That's not to say we should let our babies rip pages out of every book on the shelf. We do need to teach them to be gentle. Just like we teach them how to eat. How many cute pictures do we take of our kids with mashed carrots spread across their face? And oh how quickly that stage passes...

Post-bath reading, 15 months old

Here are a few ways we can encourage a love of books with even our littlest readers:

Board books are amazing.
Whoever invented board books is a hero of early literacy. Made from thick, cardboard-like "paper", board books are the best kind of book for babies. It is nearly impossible to rip the pages out (unless it's a lift-the-flap board book). Many of our favorite stories are also available in board book form (Goodnight Moon, Chicka Chicka Boom Boom, Dr. Seuss, etc.). And check your local library -- they might already be a bit beat up, but who can turn down free books that you don't have to store forever?

2.5 years old, "reading" to her baby.
She actually has this book memorized.

Keep more important books out of reach.
Once baby is big enough to crawl and pull up and walk on her own, we know enough to baby-proof the cupboards and doors and staircases. But what about your bookshelf? Keep those board books within easy reach (so she can learn that those books are for her!) and keep your older kids' books higher up on the shelf.

Buy books at garage sales.
Yes I sell brand-new books through Usborne and yes I worked at a library for two years. But I shop at garage sales too. Two weeks before my first daughter was born I came away from a garage sale with a set of board books about animals for $1 that were already well-loved. And both of my kids have loved on them even more, scratching at the fake fur and pulling out the cat whiskers and ripping the binding. Sometimes you've just gotta have those kind of books that you can REALLY not worry about.

Share books with them.
Reading aloud to children has been called the single most important activity for building the knowledge required for success in reading. I'll share more about this in my next post (when I talk about my oldest daughter), but I want to encourage you that no matter how boring it may be to read the same book over and over, or how long your day has been with the kids and you-just-want-them-to-go-to-bed-so-you-can-have-PEACE-and-QUIET... still snuggle and READ TO THEM. Even if it's only one book, make reading aloud part of the bedtime routine. Read a single board book when they're little. I was surprised how well my second-born would sit when she was really young, while I read a picture book that was really more for her older sister. Even now, at age almost-5 and almost-3, I'll sometimes limit them to choosing one book each (and pray that they're short books... :) ) when Rocky and I have had a long day.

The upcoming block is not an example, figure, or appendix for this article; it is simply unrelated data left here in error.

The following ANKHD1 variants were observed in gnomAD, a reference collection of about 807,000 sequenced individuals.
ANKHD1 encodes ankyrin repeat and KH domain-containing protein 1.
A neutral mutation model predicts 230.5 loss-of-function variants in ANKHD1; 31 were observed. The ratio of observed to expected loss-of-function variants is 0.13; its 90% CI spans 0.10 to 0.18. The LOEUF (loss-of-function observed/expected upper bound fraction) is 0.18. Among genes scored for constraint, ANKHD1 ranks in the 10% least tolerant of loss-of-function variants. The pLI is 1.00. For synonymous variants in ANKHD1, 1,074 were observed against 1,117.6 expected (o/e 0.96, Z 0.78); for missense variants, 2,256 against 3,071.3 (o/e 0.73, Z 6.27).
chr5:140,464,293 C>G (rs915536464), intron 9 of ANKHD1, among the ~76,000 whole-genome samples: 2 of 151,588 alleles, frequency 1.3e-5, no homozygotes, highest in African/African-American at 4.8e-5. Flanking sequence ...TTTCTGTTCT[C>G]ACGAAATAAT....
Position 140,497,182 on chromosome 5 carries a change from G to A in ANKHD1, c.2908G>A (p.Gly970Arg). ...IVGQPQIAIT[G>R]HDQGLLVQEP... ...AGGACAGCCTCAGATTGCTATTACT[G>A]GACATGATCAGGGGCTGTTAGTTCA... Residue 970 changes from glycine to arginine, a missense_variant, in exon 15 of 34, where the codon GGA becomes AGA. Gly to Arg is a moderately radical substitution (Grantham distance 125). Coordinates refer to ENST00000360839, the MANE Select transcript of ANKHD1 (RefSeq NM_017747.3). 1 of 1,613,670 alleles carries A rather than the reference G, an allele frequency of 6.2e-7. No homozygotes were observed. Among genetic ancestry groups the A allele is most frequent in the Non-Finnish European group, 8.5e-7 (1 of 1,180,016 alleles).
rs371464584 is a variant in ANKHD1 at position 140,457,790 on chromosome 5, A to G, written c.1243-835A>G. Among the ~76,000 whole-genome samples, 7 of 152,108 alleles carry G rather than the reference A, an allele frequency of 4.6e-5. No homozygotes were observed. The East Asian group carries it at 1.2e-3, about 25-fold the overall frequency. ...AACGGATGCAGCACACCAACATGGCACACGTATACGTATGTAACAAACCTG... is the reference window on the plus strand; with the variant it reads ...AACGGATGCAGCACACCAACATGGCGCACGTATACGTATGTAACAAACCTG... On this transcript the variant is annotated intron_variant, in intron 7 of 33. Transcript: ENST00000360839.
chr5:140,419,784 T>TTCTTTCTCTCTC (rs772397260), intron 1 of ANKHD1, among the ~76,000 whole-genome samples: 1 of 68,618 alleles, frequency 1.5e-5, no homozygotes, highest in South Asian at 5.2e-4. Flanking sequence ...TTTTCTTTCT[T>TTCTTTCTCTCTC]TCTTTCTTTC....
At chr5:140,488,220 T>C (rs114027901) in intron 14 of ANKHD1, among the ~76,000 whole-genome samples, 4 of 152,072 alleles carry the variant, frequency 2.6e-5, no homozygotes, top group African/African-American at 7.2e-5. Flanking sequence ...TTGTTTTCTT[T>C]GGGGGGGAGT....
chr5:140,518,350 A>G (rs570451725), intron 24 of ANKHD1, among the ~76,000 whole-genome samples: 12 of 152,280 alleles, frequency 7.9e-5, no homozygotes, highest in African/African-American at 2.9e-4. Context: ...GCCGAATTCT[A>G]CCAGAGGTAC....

Almost 2 years old

I mentioned earlier that both of my girls have pretty much given up their naps. But I still insist on rest time every afternoon. Most days I'll peak in on Ellie and find her sitting on a pile of books in the corner, paging through one, and even attempting to tell the story out loud for herself. Not bad for a 2 year old. That, my friends, is a sight that warms this bookworm's heart.

And yes I'm going to throw in a little pitch for some of Usborne's best-selling books for babies. :)

With over 30 books to choose from, ranging from animals to vehicles to angels and fairies, there is something here for everyone. These sturdy, touchy-feely board books feature bold colors and thick black lines for little eye development.

An I Spy sort of book that has thick board book pages, this one is very interactive as you ask your child to find things like the red car, the penguin with a hat, and the circle-shaped window.

These playbooks (others in the series too) are great for learning about textures and tracing lines - things that will develop even more as a child learns to hold a pen and write.

I am an Independent Consultant with Usborne Books & More. Purchasing these and other books through the links above will pay me a commission. Usborne Publishing Ltd. has no connection with this blog and does not sponsor or support its content.

Friday, May 15, 2015

Raising Readers: My own book-ish childhood

As I prepare for my oldest child to turn five next week, I'm going to be posting a few things related to children and reading. Let's start by looking back in time...

My first Christmas. 
I was that kid.

You know the one -- the introverted girl whose closest sibling is 6 years younger. The one who would prefer to spend her summer on a blanket in the yard reading Nancy Drew or The Babysitters Club or The Black Stallion instead of playing sports or going to the beach

My birthday stash of books. I think I was about 8.
Please ignore the glasses and clothes of the 90s...